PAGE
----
Where’s the Elevation?
On a tiny island, big talent gets noticed. Ólöf Arnalds, a longtime member of the Icelandic indie rock community, has slowly broke into the massive American one since 2010. That year she released Innundir Skinni on One Little Indian Records, which included three tracks sung in English. One of those songs even featured Björk in the background—again, not surprising considering that Iceland’s the size of Kentucky. Björk and Ólöf Arnalds make sense together; they’re both creative forces, lovely and quirky Scandinavian songbirds. But where Björk’s sound is large, experimental, and sometimes difficult to interpret, Arnalds’ sound is readily accessible. Her most recent record, Sudden Elevation, solidifies her place as an artist; her accent is unignorable, but her flawless English opens the door to universal renown, rather than remaining in the “Icelandic singer” category.
“German Fields,” the opening track is a rhythmic, atmospheric piece. The instruments repeat basic beats and melodies, keeping the song’s background on a constant plane. But rather than resulting in boredom, Arnalds allows her high-pitched, soft vocals to dip and rise all over. By the end of the song, it’s not only the instruments that play in circular patterns. She loops her voice into several rounds, creating a small chorus of Ólöf Arnalds’. Something about this track is positively adorable.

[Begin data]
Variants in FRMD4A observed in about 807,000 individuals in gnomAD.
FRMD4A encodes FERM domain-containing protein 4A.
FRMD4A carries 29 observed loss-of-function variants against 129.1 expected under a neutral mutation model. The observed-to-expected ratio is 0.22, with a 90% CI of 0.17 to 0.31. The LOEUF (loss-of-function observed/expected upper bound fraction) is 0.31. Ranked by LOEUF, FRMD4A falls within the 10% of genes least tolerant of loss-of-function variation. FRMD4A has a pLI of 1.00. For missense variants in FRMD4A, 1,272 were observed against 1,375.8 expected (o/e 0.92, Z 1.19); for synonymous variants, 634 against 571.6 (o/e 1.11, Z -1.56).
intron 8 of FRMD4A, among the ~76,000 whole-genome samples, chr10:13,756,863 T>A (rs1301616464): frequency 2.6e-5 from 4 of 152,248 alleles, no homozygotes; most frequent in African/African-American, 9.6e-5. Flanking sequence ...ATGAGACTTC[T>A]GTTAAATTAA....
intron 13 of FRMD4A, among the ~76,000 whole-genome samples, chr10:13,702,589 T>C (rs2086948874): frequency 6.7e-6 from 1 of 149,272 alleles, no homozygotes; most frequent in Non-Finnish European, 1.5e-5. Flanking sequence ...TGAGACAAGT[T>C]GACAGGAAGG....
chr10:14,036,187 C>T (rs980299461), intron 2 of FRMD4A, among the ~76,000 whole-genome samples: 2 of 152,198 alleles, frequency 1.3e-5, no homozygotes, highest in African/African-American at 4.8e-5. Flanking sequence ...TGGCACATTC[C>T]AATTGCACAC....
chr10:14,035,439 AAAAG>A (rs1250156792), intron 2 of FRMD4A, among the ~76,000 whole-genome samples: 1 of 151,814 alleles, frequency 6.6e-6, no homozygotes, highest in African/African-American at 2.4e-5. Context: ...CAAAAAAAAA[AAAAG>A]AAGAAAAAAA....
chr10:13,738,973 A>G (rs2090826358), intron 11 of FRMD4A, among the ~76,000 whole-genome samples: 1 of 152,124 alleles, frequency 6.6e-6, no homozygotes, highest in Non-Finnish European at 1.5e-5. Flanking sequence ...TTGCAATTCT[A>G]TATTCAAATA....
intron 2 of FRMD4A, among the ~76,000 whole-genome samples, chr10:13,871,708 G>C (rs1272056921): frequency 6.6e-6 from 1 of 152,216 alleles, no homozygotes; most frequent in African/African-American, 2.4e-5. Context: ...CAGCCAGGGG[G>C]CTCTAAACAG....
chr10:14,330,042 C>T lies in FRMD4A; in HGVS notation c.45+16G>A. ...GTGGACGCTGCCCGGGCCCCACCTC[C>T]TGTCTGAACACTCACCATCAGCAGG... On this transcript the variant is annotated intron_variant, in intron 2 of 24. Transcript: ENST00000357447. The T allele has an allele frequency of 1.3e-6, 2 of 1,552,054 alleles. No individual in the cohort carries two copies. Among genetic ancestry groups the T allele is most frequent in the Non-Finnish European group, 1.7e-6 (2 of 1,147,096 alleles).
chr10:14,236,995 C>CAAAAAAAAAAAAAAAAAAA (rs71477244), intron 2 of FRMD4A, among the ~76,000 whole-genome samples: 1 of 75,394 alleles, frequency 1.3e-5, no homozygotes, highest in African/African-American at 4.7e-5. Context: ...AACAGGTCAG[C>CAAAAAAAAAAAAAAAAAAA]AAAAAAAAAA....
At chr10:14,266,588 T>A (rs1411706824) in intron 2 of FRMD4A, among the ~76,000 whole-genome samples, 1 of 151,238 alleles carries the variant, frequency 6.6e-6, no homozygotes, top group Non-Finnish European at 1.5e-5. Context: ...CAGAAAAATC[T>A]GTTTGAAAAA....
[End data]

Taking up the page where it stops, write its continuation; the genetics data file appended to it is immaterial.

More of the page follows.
So where does the album go after that? Does it expand, broaden, elevate the singer? Does she show off her vocal chops (she studied singing during her university years) or perhaps her training as a violinist? Alas, she demonstrates her mastery of the cute singer role, but does not vary far from that. The title track held hope—perhaps that is where she might break away, rock out, or show off in any way at all. Instead, she remains on the same level as previous tracks: light, sweet vocals, pleasing acoustic guitar, plucking and strumming its way to nowhere. Nice stuff, really. But Arnalds never grabs her listener, never steps up in his face to say, “Look what I can do. Look what I’m going to do”. An emerging artist needs to do that in a day where anyone with a voice can Kickstart their way into the indie rock scene.
Pretty, enjoyable, sweet– but Ólöf Arnalds could have used a little less Icelandic pony and a little more volcanic eruption.